Warning on greenhouse gas concentrations

23 November 2011

Global atmospheric concentrations of greenhouse gases reached record levels in 2010, according to the World Meteorological Organization (WMO). The rate of increase in their levels has also accelerated.


The WMO's Global Atmosphere Watch program coordinates systematic observations and analysis of atmospheric composition, including greenhouse gases. Measurements are taken at a network of monitoring stations in more than 50 countries around the world.


According to the latest edition of the WMO's Greenhouse Gas Bulletin, atmospheric concentrations of carbon dioxide (CO2), methane (CH4) and nitrous oxide (N2O) reached new highs in 2010, at 389.0 parts per million (ppm), 1808.0 parts per billion (ppb) and 323.2 ppb, respectively. These levels were 39%, 158% and 20% up on pre-1750 levels.


Between 1990 and 2010 there was a 29% increase in 'radiative forcing' - the warming effect on our climate system - from greenhouse gas emissions, the WMO said. Carbon dioxide accounted for nearly 80% of this increase. The atmospheric abundance of CO2 increased by 2.3 ppm between 2009 and 2010 - higher than the average for both the 1990s (1.5 ppm) and the past decade (2.0 ppm). The primary sources of CO2 emissions are the combustion of fossil fuels, deforestation and changes in land-use.


The WMO noted that there was a temporary relative stabilization in atmospheric concentrations of methane between 1999 and 2006, but levels have again risen. The reasons for this increase are not known, but it may have been caused by the thawing of the methane-rich northern permafrost and increased emissions from tropical wetlands. Sources of CH4 emissions include cattle-rearing, rice planting, fossil fuel exploitation and landfills.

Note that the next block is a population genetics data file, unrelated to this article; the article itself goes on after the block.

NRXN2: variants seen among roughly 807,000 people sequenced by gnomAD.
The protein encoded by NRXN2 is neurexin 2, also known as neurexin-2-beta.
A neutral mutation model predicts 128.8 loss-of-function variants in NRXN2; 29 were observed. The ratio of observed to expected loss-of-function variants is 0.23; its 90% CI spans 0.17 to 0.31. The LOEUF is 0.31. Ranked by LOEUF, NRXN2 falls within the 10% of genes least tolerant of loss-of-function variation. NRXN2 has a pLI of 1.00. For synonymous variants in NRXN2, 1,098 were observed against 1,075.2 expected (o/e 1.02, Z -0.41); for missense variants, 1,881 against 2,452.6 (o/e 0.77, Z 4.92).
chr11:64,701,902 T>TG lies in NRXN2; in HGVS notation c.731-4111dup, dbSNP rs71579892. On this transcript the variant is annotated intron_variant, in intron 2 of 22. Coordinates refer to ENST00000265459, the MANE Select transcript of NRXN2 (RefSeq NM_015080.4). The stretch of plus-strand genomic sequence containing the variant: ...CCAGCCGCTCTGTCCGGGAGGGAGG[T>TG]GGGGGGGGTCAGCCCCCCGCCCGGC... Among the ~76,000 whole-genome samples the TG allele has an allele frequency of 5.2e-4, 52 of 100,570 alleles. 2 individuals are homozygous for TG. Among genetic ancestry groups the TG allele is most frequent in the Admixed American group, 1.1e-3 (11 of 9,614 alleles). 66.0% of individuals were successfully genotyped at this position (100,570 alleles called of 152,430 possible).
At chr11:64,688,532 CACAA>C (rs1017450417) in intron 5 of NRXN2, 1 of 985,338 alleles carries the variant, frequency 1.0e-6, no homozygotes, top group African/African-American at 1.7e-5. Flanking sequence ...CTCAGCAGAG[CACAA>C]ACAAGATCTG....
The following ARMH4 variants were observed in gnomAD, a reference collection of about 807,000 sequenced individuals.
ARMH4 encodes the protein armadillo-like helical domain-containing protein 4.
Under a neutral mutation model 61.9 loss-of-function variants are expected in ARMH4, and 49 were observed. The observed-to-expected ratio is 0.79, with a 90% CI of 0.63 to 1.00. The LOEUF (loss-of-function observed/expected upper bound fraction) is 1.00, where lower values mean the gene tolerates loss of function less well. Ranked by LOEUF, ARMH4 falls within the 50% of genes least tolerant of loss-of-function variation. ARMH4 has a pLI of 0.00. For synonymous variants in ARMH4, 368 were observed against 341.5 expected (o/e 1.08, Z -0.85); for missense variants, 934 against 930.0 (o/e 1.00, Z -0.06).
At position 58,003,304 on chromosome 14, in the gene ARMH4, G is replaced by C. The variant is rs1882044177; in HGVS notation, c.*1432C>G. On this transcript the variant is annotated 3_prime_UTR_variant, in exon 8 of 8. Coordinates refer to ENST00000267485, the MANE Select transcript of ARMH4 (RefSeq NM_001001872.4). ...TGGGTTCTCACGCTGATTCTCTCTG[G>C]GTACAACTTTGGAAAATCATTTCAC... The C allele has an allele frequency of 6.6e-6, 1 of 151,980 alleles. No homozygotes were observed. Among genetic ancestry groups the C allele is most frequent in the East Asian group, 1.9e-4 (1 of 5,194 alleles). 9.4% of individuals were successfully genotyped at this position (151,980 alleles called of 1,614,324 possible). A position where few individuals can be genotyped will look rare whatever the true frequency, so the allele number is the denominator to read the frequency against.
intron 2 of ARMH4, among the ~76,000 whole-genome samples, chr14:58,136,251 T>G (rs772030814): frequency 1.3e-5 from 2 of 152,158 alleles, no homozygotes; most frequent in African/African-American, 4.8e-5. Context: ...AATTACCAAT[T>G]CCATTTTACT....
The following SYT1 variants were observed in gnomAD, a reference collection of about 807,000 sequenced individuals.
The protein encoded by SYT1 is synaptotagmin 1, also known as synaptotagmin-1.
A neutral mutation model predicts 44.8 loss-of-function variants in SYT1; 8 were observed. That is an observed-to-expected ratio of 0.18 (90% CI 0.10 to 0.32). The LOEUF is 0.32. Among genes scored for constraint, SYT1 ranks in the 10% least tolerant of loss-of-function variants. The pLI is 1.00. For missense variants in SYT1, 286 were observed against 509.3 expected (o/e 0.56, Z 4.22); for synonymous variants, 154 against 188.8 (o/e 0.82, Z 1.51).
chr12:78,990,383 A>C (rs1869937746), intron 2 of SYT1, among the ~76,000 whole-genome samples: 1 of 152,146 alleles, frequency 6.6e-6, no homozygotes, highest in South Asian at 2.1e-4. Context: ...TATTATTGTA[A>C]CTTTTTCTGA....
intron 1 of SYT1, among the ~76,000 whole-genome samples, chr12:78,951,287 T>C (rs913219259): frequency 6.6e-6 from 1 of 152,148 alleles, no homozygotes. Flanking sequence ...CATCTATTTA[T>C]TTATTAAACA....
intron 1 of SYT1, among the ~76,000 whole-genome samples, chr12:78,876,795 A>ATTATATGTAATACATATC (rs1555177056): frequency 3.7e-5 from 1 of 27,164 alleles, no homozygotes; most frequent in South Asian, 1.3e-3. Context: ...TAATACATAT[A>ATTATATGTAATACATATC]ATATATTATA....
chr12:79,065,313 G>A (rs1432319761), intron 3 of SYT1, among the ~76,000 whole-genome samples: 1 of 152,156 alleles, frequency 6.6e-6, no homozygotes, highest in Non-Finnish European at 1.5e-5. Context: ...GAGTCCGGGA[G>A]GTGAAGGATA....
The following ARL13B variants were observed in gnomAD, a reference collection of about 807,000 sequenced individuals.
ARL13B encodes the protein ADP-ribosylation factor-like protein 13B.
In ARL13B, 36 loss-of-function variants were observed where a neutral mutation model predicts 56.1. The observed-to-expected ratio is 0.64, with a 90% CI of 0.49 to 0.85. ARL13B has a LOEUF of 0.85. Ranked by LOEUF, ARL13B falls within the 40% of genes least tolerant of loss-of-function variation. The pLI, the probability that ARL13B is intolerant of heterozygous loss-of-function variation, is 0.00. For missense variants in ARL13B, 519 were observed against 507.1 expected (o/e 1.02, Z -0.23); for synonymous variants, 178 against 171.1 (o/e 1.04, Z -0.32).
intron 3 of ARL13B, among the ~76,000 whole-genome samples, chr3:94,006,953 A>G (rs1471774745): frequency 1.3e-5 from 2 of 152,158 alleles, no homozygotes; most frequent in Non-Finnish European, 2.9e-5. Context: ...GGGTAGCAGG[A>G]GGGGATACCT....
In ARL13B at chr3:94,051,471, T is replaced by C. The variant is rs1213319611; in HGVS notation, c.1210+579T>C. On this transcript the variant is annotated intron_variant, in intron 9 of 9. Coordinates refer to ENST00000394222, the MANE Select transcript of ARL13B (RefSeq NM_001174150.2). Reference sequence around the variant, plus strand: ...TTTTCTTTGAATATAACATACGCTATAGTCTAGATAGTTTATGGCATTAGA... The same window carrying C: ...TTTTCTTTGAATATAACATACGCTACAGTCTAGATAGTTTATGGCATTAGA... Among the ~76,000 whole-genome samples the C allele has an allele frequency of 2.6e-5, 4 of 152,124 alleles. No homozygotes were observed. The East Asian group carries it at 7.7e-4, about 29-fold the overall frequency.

The increasing atmospheric concentrations of nitrous oxide - mainly from the use of nitrogen-containing fertilizers - are of particular concern, the WMO said. These levels have grown at an average of about 0.75 ppb over the past decade. "Its impact on climate, over a 100 year period, is 298 times greater than equal emissions of carbon dioxide," the organization noted. "It also plays an important role in the destruction of the stratospheric ozone layer which protects us from the harmful ultraviolet rays of the sun."


WMO secretary general Michel Jarraud said, "The atmospheric burden of greenhouse gases due to human activities has yet again reached record levels since pre-industrial time." He added, "Even if we managed to halt our greenhouse gas emissions today - and this is far from the case - they would continue to linger in the atmosphere for decades to come and so continue to affect the delicate balance of our living planet and our climate."


"Now more than ever before, we need to understand the complex, and sometimes unexpected, interactions between greenhouse gases in the atmosphere, Earth’s biosphere and oceans."


In a study released in late May 2011, the International Energy Agency (IEA) said that emissions of energy-related carbon dioxide reached a new high of 30.6 billion tonnes (Gt) in 2010. The previous record was 29.3 Gt in 2008, while emissions in 2009 dipped because of the global financial crisis, it noted. In terms of fuel, some 44% of the estimated CO2 emissions in 2010 came from the burning of coal, 36% from oil, and 20% from natural gas.


Researched and written

by World Nuclear News


Filed under: Climate change